Stucco At Center Of Latest Downtown Raleigh Development Debate
Posted February 20, 2006
RALEIGH, N.C. — Fake stucco is becoming a major sticking point for a proposed four-star hotel in downtown Raleigh to be built in conjunction with the city's new convention center.
The hotel that will go in the spot where Raleigh's old convention center used be was supposed to cost $60 million, but because of rising construction costs, the price keeps climbing. Now, it's closer to about $70 million.
Fake stucco, also known as EIFS, on the front of the proposed Marriott Hotel is a cheaper alternative, but opponents say the material looks cheap, too.
"This hotel will, in large part, determine the success of this convention center," said Jim Hobbs, the director of the Hospitality Alliance of North Carolina.
Hobbs said the hospitality industry -- through food and occupancy taxes -- is helping to fund the downtown projects, with $335 million currently invested.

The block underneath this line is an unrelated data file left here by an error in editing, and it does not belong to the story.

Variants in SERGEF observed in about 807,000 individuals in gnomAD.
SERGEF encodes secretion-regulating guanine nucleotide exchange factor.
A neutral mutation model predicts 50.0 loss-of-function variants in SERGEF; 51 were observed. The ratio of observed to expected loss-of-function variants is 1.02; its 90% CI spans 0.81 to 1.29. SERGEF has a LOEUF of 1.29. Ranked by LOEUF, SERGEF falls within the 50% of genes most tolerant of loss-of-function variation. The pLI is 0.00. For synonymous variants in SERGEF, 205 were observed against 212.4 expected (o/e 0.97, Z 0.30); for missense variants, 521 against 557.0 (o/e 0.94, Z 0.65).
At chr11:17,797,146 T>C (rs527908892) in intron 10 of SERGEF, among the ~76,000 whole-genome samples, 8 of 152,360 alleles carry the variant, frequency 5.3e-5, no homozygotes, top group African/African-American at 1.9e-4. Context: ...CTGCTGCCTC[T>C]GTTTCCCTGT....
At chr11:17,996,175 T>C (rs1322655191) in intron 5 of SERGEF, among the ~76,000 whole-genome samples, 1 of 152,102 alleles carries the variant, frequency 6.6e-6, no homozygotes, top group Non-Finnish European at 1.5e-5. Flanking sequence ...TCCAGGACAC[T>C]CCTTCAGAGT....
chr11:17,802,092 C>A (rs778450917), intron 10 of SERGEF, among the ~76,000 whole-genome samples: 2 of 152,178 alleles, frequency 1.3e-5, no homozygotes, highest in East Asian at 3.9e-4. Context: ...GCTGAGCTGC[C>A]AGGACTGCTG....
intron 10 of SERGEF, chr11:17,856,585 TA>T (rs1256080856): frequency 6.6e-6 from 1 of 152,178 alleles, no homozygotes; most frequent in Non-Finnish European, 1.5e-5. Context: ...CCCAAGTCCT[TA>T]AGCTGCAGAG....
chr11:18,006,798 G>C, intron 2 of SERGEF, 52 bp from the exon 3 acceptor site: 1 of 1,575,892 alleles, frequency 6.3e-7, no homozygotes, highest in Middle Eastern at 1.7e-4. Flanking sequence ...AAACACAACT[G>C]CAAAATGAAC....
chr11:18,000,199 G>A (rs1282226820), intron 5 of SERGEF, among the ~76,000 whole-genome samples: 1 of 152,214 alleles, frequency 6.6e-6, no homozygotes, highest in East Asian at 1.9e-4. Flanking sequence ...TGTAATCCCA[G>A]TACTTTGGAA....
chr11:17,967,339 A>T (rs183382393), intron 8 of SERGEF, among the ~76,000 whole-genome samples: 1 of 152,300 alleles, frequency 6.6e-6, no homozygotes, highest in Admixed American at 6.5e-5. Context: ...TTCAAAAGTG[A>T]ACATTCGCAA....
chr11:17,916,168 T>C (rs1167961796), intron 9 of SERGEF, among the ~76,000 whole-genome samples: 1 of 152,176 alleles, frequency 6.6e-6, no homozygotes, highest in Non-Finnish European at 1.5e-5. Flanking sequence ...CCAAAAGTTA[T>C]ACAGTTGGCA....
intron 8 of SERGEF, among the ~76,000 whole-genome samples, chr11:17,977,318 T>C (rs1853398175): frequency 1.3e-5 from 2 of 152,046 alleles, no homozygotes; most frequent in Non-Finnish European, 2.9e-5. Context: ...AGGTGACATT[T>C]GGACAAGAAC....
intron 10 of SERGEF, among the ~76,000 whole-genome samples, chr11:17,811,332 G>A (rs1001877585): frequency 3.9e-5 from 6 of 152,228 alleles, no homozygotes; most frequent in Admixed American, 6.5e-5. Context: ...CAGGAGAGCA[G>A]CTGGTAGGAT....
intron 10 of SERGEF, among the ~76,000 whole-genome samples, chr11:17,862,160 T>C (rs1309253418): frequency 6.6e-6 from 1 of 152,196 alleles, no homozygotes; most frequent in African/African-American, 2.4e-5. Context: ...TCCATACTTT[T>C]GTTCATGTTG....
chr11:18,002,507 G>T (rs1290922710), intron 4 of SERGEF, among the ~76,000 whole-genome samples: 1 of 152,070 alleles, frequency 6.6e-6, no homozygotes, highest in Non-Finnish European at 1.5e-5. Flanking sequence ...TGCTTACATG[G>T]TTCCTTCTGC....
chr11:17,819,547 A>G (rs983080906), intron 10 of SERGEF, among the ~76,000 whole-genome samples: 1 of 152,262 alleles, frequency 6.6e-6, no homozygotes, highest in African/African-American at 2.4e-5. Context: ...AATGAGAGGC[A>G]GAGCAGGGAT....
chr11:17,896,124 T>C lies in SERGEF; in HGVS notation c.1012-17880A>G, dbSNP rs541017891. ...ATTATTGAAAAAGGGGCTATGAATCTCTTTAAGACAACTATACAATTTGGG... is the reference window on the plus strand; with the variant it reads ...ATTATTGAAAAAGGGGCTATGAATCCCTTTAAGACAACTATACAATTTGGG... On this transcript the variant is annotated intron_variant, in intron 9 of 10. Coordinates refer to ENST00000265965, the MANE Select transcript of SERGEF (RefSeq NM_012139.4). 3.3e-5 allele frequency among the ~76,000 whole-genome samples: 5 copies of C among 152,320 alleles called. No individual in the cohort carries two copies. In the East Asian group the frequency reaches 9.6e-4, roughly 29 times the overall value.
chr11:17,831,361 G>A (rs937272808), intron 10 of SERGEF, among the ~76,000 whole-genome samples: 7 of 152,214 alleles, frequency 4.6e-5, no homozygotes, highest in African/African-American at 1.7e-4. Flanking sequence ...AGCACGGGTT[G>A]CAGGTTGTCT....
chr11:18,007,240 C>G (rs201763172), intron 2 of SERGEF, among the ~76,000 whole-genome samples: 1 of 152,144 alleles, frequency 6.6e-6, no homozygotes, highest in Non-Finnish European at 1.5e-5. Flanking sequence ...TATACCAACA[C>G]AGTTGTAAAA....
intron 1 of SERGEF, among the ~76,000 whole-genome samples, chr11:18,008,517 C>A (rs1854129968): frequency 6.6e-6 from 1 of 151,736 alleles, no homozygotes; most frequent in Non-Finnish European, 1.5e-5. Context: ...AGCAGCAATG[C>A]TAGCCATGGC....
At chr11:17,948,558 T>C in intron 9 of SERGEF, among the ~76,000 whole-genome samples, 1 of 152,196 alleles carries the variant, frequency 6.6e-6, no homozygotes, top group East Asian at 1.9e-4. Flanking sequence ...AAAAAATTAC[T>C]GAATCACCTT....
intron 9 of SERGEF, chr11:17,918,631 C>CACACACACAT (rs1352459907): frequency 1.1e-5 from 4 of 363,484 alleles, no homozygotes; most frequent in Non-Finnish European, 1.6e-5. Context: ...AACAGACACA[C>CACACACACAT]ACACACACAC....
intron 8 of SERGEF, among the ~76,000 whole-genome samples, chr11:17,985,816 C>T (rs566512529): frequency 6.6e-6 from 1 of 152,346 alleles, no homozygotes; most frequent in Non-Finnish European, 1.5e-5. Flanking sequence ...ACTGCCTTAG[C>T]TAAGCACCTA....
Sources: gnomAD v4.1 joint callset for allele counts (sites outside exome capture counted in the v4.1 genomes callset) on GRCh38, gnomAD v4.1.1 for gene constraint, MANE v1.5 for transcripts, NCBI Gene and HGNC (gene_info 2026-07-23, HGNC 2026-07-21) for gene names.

"We certainly feel we are entitled to express our opinion," said Hobbs, who believed EIFS was never even part of the plan.
But Raleigh Mayor Charles Meeker said that the agreement does not specifically bar EIFS.
"That's the reason it's being considered," Meeker said.
He points to North Hills Mall as an attractive example of the synthetic stucco.
"The real issue is, I think, one of maintenance and how it looks over time (rather) than how it looks on Day One," Meeker said.
Meeker said there is no final decision on whether to use the synthetic stucco. The City Council is expected to hold a public discussion on the issue Tuesday and could then take a vote on whether to use it on the hotel.